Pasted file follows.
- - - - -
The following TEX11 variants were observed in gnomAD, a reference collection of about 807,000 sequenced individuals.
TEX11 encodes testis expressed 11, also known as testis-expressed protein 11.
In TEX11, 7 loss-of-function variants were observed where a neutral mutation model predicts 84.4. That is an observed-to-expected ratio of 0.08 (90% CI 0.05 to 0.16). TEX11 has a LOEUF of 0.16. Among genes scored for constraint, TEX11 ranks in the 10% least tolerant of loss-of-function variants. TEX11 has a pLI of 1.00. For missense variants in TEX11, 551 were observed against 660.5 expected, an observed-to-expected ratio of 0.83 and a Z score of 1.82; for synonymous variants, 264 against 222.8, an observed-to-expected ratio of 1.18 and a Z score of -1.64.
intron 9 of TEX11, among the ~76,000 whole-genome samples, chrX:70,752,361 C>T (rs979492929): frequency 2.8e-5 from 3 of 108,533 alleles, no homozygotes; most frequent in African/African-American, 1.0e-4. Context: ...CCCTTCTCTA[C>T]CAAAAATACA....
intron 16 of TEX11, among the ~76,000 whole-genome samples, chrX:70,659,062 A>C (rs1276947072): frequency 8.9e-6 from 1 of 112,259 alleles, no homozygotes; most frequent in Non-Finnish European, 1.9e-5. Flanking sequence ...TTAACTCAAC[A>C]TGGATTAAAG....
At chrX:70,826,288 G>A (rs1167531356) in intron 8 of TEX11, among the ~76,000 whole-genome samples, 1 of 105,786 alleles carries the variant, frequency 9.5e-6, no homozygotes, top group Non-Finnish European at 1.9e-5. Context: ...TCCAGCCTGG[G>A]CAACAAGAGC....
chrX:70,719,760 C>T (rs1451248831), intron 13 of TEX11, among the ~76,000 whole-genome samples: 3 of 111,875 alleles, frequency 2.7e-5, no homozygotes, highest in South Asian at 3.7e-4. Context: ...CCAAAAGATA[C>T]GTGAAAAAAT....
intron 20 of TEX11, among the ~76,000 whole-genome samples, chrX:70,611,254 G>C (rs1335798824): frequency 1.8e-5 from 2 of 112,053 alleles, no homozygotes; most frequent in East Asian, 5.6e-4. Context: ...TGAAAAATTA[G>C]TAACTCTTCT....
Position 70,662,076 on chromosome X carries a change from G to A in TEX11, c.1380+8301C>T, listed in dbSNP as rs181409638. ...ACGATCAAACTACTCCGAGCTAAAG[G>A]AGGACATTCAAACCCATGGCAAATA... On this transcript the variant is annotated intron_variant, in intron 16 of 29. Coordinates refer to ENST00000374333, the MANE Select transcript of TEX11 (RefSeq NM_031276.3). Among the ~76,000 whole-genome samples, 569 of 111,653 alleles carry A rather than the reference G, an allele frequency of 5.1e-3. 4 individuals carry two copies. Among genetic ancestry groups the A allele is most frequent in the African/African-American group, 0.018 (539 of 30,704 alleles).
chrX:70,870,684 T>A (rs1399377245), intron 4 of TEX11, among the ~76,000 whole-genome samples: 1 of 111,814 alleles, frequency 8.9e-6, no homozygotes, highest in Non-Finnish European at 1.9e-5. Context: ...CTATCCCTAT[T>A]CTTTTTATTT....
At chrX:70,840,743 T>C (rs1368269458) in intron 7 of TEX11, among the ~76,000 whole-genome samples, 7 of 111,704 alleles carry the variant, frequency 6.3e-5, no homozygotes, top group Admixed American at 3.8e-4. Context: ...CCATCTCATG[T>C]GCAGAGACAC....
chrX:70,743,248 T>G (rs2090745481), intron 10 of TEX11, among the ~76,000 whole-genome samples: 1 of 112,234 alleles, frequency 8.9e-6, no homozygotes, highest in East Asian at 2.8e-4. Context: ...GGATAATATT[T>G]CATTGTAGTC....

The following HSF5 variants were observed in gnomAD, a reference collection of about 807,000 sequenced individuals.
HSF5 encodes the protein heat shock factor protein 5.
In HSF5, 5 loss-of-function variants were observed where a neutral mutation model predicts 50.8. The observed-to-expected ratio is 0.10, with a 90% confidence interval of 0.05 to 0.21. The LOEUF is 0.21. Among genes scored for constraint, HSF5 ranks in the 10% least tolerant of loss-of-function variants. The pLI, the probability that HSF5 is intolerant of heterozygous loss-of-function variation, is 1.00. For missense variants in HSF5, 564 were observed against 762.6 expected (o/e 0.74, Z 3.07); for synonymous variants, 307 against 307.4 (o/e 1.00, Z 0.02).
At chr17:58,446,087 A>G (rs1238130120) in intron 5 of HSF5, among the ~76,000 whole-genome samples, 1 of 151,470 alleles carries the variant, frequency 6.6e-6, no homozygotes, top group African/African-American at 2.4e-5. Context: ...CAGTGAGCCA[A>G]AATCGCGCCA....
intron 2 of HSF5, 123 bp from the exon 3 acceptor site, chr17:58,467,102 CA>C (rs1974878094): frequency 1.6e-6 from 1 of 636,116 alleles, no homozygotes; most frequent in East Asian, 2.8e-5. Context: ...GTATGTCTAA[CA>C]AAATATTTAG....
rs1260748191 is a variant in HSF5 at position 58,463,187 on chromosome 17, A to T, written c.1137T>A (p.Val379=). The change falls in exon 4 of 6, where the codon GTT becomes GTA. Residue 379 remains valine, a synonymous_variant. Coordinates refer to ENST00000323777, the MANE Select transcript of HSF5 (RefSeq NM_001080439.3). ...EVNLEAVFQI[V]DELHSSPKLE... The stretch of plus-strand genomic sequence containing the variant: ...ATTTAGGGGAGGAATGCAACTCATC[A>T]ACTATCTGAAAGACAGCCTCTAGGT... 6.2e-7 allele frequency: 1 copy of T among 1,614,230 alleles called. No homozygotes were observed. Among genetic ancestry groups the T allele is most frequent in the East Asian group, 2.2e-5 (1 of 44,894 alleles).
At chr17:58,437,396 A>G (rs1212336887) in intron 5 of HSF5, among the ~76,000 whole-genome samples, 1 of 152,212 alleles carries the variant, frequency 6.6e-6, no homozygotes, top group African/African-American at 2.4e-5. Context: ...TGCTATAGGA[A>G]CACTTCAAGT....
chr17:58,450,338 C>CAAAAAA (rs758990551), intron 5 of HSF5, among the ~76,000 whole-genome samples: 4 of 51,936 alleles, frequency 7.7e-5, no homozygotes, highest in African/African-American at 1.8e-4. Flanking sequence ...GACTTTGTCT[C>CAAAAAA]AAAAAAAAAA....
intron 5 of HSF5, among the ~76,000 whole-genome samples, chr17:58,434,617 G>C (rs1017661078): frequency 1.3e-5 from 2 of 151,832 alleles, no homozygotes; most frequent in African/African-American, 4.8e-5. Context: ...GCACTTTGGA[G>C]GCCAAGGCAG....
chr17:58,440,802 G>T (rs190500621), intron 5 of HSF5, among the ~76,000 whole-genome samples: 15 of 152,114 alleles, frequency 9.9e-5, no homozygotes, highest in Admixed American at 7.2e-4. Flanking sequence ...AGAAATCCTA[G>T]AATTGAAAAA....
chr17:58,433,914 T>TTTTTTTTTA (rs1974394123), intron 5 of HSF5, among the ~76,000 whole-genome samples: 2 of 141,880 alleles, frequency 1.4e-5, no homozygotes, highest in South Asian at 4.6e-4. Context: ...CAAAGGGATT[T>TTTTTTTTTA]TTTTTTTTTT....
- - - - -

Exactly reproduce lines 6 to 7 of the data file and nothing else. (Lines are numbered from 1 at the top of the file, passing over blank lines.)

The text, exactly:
At chrX:70,826,288 G>A (rs1167531356) in intron 8 of TEX11, among the ~76,000 whole-genome samples, 1 of 105,786 alleles carries the variant, frequency 9.5e-6, no homozygotes, top group Non-Finnish European at 1.9e-5. Context: ...TCCAGCCTGG[G>A]CAACAAGAGC....
chrX:70,719,760 C>T (rs1451248831), intron 13 of TEX11, among the ~76,000 whole-genome samples: 3 of 111,875 alleles, frequency 2.7e-5, no homozygotes, highest in South Asian at 3.7e-4. Context: ...CCAAAAGATA[C>T]GTGAAAAAAT....